Premature Victory Lap? Or, Not Ready For Primetime?

If I were a one-term Trenton City Council member seeking, as At-Large Member Duncan Harrison is, a promotion to the Mayor’s Office after a Council term that was – you pick the best word: Lackluster? Disappointing? Disastrous? – I might grasp at anything that could conceivably be called an “accomplishment” to point to with pride. In a large field of mayoral candidates, you have to find a gimmick, I suppose. It’s just too bad that Councilman Harrison chose to hype up a really minimal action taken by Council week as something that – honest to God, he said this! – “an important change that will move Trenton into the 21st Century and help us build a bright, new future for our city.”

Really, he did. Aided and abetted by the Trentonian, whose utter lack of fact-checking allowed Mr. Harrison to take a very, very premature Victory Lap over the weekend. Instead of taking proportionate credit for a Council initiative, I fear Mr. Harrison is continuing to prove that, although he may have some potential as an effective Council member in the future, he is simply not ready for Primetime as a potential Mayor of Trenton.

On Friday, the Trentonian published a short piece in its “Trenton Election Rumblings” series of reports leading to the May 8 City Elections. This piece was attributed as a “Trentonian Staff Report,” so we don’t know who to blame for it.  The headline is “Harrison praises move that allows residents to pay with credit card for city services.” This piece quotes Councilman Harrison as saying,about an action taken by Council the previous evening,

“I am proud to see my advocacy to accept credit and debit card payments on our city website be enacted. This will result in real change that will help Trenton residents and businesses save time and money.” [Emphasis mine – KM]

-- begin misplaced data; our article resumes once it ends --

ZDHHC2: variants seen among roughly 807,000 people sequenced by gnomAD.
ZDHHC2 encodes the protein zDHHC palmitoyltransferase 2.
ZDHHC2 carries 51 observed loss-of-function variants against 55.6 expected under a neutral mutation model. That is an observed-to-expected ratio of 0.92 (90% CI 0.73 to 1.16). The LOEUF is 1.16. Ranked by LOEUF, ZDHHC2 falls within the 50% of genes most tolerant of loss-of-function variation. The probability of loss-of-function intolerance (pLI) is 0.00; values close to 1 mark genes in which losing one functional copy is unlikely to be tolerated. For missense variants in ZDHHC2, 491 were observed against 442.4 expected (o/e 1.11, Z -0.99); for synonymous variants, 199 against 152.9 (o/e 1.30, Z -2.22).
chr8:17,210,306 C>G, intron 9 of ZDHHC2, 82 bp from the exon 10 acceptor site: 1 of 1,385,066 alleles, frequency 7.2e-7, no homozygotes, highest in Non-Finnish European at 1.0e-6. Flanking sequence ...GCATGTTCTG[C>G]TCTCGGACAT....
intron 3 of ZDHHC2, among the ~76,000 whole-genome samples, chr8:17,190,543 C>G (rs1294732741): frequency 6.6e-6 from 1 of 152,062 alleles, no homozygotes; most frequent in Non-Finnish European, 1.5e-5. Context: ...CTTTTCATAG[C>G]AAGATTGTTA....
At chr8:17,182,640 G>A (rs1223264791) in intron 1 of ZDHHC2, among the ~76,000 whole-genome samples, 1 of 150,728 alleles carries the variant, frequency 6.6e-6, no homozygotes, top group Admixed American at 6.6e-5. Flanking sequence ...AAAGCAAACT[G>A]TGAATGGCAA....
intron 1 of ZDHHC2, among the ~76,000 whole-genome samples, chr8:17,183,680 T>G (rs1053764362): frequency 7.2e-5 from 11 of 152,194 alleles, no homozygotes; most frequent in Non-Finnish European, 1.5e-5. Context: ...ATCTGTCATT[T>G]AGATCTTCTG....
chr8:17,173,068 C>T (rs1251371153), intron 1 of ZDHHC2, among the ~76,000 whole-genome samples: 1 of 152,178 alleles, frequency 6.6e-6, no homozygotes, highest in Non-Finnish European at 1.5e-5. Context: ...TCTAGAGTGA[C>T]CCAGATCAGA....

I attended that Council meeting. I spoke at that Council meeting. I don’t recall anything like that kind of action taken. What could Mr. Harrison possibly be referring to?

Turns out he was referring to Resolution #18-110, which you can find here. This Resolution was passed as part of Council’s Consent Agenda that night, which approved many actions in one vote. There was no separate discussion prior to the vote that would have drawn attention to it for any reason. It was actually a fairly innocuous action, hardly one heralding “a bright, new future for our city.”

This Resolution’s title says what it does, and ALL that it does. “Resolution Authorizing the Use of Competitive Contracting in Lieu of Public Bidding for Credit Card Services for the City of Trenton.” That’s it. This action authorized one method over another for bidding and contracting for instituting  debit and credit card processing for customer and taxpayer payment for city service. Again, that’s ALL it does.

Let me give you an analogy. It’s like if you were to say today, “I decided I will buy my next house instead of renting. My House-Warming Party will be Saturday. See you there!”

There are just a few important steps that have to be taken between the start of the process and putting your beers on ice! And they can’t be skipped.

Same here. The action taken by Council on Friday simply allow Trenton’s Purchasing Agent to begin the process of putting Requests for Proposals out to credit card companies and/or banks, and wait for proposals to come in. From those proposals, Competitive Contracting allows a quicker and more streamlined process for evaluating proposals and negotiating a contract.

That’s where we are now. As you will see from the backup attached to the Resolution (Page 3), on February 2 of this year Isabel Garcia, the City’s Purchasing Agent sent a request to the NJ Department of Community Affairs (DCA) requesting the authority to use Competitive Contracting. Two weeks later, on Feb 16 (Page 2) DCA Legislative Analyst Paul Urbish agreed to the City’s request. The Council Resolution adopted Thursday night, again, allows the City’s Purchasing Agent to start the process.

At this point, there are no proposals back from potential vendors, and certainly no “enacted” deal in place to start accepting Credit and Debit cards for City Services.

That’s not what the Councilman would have you believe. He told the Trentonian that last week’s action “will help Trenton residents and businesses save time and money.” [Emphasis mine – KM] In an indirect quote, the paper additionally claims,